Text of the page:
New Delhi, July 16: The goods and services tax (GST), which is expected to give a renewed push to growth, has hurt two major sectors - the $136-billion tourism industry and the $108-billion textile industry.
The tourism sector, which accounts for about 7.5 per cent of GDP and is the second-biggest contributor to the country's forex earnings, is upset on two counts.
The first grouse is that while tour operators will pay a 5 per cent GST on their services, their input taxes will be far higher. The other worry is the 28 per cent tax on five-star and four-star hotels.
"The 28 per cent tax is a huge burden... we foresee domestic clients who used to opt for 5-stars shifting downwards and foreign package tours from Southeast Asia and West Asia undercutting us because of the way GST is designed or rather is not designed," said Sarabjit Singh, vice-chairman of the Federation of Associations in Indian Tourism and Hospitality (FAITH), an umbrella body of 10 tourism organisations.
"The problem is that we are not used to working out value-added taxes in the services sector. This is an organised sector and, hence, has come up with its analysis of how the tax is affecting it... other services may also have glitches," said Biswajit Dhar a professor of the Jawaharlal Nehru University.
The federation tried to build a strong case before the finance ministry for a 5 per cent GST for the entire sector as half of the country's tourism infrastructure capacities - hotels, convention centres - are lying idle.
"This will generate more revenues and taxes as capacity utilisation will go up and increase employment by 20-25 per cent," said Singh.
The tourism industry is estimated to account for nearly 13.5 million jobs.
"We had given examples of 20 other countries where the GST is low and which are recording large tourist arrivals," said Singh.
The association's second plea is that any transaction in foreign exchange in the tourism sector should not be taxed as these were exports and exports attracted nil duties.
The tourism industry is knocking on the doors of the North Block and state finance ministers to try and get some clarity and simplification in the tax structure.
An ongoing strike by textile merchants is believed to have led to a loss of Rs 40,000 crore even as the agitation failed to resolve the problem faced by the industry - the commodity tax is less than the tax on intermediate inputs.
Tax on a sari is just 5 per cent when sold by a wholesale trader, but the yarn from which it is made faces an 18 per cent tax. Moreover, the GST on the powerloom which turns it into sari material is 5 per cent as also the printing unit which prints the designs on the sari. Till now, fabrics were fully exempt from taxes but not yarn or garments.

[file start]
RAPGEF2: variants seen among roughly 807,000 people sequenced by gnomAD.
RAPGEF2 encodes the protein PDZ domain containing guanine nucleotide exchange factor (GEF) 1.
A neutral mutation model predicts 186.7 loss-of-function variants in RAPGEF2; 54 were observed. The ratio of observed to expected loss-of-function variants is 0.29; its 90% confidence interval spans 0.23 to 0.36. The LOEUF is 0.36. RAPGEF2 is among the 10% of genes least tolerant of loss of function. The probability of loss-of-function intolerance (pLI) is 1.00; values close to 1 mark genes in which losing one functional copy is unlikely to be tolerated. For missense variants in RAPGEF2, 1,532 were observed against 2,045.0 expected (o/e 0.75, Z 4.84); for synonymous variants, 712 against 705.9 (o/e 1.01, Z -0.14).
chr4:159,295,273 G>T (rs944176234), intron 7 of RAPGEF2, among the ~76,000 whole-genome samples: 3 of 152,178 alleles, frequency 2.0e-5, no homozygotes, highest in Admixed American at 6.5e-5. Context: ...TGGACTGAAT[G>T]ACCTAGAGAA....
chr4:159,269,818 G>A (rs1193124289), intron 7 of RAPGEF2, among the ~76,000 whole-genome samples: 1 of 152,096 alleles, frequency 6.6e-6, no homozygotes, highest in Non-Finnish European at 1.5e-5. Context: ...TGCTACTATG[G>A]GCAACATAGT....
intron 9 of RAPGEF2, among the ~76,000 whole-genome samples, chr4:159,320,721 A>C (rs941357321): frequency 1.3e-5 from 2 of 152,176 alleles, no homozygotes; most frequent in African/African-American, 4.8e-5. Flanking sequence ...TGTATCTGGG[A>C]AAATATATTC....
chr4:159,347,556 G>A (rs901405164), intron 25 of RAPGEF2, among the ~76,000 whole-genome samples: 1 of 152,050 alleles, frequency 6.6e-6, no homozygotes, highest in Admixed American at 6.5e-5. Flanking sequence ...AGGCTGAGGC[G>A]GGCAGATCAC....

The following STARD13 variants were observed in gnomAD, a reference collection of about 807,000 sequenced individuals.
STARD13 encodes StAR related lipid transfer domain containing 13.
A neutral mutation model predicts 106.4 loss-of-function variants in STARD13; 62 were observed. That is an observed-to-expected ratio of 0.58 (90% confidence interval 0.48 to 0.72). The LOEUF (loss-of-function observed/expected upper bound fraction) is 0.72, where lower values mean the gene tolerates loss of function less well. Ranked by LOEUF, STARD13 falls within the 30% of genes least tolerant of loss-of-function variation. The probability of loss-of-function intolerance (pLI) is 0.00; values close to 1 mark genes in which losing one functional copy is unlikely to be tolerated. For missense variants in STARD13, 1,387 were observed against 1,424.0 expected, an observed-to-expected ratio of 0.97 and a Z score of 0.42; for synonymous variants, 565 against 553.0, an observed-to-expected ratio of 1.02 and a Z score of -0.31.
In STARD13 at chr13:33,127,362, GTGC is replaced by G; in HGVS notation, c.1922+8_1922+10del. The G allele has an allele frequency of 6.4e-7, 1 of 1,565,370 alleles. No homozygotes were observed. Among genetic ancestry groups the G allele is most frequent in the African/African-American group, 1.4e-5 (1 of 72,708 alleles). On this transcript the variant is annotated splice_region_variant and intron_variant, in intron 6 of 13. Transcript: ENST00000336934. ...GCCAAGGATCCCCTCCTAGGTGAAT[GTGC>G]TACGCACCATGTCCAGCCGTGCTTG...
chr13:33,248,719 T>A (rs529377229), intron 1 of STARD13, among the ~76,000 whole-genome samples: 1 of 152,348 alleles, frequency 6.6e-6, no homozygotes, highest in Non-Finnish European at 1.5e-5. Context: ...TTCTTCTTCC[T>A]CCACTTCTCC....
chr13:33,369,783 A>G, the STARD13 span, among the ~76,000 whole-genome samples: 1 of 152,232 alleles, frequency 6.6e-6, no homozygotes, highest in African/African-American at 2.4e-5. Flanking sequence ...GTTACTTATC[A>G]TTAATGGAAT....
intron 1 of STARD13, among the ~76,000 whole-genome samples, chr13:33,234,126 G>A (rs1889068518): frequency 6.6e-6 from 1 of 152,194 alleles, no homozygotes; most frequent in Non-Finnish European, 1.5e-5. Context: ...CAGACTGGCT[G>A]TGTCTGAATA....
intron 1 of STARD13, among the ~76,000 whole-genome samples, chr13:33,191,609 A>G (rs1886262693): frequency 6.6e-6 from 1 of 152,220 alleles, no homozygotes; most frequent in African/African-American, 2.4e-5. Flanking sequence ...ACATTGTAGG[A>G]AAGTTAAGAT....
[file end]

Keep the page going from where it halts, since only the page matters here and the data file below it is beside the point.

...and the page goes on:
"Typically, if a sari costs Rs 1,000, the yarn costs Rs 300, the powerloom adds Rs 400 value to it, the printer adds another Rs 100 and the trader has a margin of Rs 100. If the powerloom pays a tax of 5 per cent, it's tough for the merchant to get the higher input credit the yarn mill had paid, nor the other taxes paid by the others in the chain as he is sub-contracting work," said Manmeet Singh Kohli, a Delhi-based garment wholesaler and exporter.
"The crux of the matter is that the input credit is higher than output tax... this is a peculiarity of the textile business," said Dhar. Textile dealers point out that earlier yarn manufacturers paid a 12 per cent VAT and there was then no tax on a sari.
However, revenue officials say the main reason why the textile traders are up in arms against the GST is that they are used to paying no taxes at all. The prospect of paying taxes and revealing their actual profits has triggered the strike engulfing a major part of the production and trading hubs, including Prime Minister Narendra Modi's home state of Gujarat.
The domestic textile industry is the second-largest employer after agriculture, providing jobs to over 45 million people directly and 60 million people indirectly.
Officials said major textile producing states such as Tamil Nadu and Punjab had sought lower levies as they feared higher taxes could result in a quicker collapse of the sector.